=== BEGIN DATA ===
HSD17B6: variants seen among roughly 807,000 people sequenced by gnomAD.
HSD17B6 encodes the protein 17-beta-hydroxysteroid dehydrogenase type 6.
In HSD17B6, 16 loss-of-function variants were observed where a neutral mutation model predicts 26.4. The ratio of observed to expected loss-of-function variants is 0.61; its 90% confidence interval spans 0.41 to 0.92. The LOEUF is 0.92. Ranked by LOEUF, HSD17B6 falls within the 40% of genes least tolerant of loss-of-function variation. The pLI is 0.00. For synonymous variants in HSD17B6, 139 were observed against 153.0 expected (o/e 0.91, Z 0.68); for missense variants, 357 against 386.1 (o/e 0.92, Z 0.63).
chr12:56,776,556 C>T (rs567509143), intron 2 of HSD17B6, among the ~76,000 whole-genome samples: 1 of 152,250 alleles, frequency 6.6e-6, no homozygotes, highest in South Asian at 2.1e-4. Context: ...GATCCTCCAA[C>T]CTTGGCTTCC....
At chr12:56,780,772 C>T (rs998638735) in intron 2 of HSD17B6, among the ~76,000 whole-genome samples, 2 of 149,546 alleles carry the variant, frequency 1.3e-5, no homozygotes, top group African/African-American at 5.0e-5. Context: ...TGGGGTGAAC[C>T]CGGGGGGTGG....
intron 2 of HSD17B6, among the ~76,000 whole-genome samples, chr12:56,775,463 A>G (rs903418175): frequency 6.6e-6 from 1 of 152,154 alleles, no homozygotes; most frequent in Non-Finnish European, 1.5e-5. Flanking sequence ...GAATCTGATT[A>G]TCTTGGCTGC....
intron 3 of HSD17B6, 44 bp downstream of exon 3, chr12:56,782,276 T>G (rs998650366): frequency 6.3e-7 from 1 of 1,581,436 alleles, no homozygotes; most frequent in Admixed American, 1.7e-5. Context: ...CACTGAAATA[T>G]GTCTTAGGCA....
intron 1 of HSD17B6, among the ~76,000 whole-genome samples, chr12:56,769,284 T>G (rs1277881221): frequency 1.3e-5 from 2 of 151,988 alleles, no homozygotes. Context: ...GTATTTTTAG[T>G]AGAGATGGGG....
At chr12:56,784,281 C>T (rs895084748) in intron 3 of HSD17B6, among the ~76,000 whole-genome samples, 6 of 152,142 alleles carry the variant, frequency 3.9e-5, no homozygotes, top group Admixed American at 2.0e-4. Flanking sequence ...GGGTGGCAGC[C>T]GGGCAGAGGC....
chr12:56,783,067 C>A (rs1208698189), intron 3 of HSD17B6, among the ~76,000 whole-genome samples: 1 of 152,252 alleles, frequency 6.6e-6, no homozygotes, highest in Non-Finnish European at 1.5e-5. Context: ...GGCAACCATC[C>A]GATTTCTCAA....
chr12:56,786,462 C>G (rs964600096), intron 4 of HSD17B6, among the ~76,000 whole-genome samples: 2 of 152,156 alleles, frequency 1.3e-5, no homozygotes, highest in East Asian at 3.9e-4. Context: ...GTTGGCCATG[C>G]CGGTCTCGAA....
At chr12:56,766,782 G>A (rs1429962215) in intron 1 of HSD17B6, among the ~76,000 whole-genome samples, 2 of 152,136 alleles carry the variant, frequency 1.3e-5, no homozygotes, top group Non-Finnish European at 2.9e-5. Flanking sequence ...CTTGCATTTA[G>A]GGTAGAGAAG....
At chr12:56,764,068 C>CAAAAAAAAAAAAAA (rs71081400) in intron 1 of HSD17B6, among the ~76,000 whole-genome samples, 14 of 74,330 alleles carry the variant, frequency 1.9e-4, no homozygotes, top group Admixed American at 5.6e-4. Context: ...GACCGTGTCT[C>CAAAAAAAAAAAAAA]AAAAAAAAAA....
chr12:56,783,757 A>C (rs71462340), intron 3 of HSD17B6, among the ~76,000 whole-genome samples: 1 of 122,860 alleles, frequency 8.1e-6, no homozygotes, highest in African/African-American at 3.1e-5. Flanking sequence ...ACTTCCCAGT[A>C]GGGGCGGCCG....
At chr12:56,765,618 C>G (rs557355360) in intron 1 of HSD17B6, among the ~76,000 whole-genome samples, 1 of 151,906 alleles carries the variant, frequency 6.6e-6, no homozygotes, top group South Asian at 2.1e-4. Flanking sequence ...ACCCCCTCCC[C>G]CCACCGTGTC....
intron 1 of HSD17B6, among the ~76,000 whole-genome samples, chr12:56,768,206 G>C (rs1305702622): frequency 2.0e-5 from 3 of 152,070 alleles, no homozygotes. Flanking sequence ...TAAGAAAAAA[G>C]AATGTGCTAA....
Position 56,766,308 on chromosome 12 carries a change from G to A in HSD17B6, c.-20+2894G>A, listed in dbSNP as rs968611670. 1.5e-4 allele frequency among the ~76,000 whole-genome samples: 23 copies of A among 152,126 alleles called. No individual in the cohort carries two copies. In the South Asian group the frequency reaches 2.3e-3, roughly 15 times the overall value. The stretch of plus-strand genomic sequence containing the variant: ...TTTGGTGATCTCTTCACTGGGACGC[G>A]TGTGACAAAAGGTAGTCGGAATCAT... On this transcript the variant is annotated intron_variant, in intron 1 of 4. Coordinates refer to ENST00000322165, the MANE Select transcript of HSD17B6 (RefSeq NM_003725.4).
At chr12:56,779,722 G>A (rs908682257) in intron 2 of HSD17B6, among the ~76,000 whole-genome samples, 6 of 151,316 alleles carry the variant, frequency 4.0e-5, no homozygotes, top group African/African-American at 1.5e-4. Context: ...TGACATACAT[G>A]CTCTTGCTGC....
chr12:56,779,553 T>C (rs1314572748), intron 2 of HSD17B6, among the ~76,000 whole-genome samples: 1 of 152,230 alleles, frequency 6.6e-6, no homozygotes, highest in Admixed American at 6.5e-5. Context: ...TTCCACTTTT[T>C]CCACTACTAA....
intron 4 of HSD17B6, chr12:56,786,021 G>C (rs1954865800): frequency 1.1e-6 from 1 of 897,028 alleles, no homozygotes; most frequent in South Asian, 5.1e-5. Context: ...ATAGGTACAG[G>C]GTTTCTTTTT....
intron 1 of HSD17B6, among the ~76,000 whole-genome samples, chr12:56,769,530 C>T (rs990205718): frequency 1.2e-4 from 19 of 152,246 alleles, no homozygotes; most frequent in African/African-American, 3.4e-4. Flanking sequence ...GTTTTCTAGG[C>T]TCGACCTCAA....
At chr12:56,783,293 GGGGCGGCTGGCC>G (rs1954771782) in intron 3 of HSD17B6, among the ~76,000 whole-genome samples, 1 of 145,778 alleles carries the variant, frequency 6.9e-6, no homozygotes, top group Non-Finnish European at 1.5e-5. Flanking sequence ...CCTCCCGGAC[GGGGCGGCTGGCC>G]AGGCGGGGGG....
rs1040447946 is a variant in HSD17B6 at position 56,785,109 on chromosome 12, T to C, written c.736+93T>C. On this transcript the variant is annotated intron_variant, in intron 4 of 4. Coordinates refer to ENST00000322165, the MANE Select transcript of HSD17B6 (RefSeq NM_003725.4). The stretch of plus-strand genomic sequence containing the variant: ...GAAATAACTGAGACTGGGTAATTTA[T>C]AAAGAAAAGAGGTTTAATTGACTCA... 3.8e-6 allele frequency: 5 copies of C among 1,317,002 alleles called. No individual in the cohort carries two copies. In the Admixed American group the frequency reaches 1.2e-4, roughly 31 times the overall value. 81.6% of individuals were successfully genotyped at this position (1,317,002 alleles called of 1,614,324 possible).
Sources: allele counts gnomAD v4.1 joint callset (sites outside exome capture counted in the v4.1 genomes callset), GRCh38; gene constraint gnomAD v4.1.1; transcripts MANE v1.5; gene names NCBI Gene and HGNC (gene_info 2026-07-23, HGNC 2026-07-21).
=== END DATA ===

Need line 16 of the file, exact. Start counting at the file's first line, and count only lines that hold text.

intron 1 of HSD17B6, among the ~76,000 whole-genome samples, chr12:56,768,206 G>C (rs1305702622): frequency 2.0e-5 from 3 of 152,070 alleles, no homozygotes. Flanking sequence ...TAAGAAAAAA[G>C]AATGTGCTAA....